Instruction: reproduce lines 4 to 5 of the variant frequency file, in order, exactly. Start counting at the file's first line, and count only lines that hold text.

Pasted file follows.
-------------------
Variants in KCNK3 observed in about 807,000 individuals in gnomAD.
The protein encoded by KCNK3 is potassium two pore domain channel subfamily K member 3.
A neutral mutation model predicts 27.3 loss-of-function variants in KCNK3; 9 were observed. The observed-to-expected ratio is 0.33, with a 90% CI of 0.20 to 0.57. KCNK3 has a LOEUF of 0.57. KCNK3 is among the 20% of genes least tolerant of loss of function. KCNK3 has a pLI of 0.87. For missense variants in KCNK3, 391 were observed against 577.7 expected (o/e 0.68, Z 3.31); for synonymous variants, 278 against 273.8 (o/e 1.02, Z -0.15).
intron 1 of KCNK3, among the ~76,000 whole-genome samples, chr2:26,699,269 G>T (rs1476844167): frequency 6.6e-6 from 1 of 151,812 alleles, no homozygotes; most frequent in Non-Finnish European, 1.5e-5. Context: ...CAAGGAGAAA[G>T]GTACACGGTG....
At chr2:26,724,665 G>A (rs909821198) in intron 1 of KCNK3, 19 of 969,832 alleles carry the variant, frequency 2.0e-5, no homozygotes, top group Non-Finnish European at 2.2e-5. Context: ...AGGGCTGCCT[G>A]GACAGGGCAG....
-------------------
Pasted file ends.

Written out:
intron 1 of KCNK3, among the ~76,000 whole-genome samples, chr2:26,699,269 G>T (rs1476844167): frequency 6.6e-6 from 1 of 151,812 alleles, no homozygotes; most frequent in Non-Finnish European, 1.5e-5. Context: ...CAAGGAGAAA[G>T]GTACACGGTG....
At chr2:26,724,665 G>A (rs909821198) in intron 1 of KCNK3, 19 of 969,832 alleles carry the variant, frequency 2.0e-5, no homozygotes, top group Non-Finnish European at 2.2e-5. Context: ...AGGGCTGCCT[G>A]GACAGGGCAG....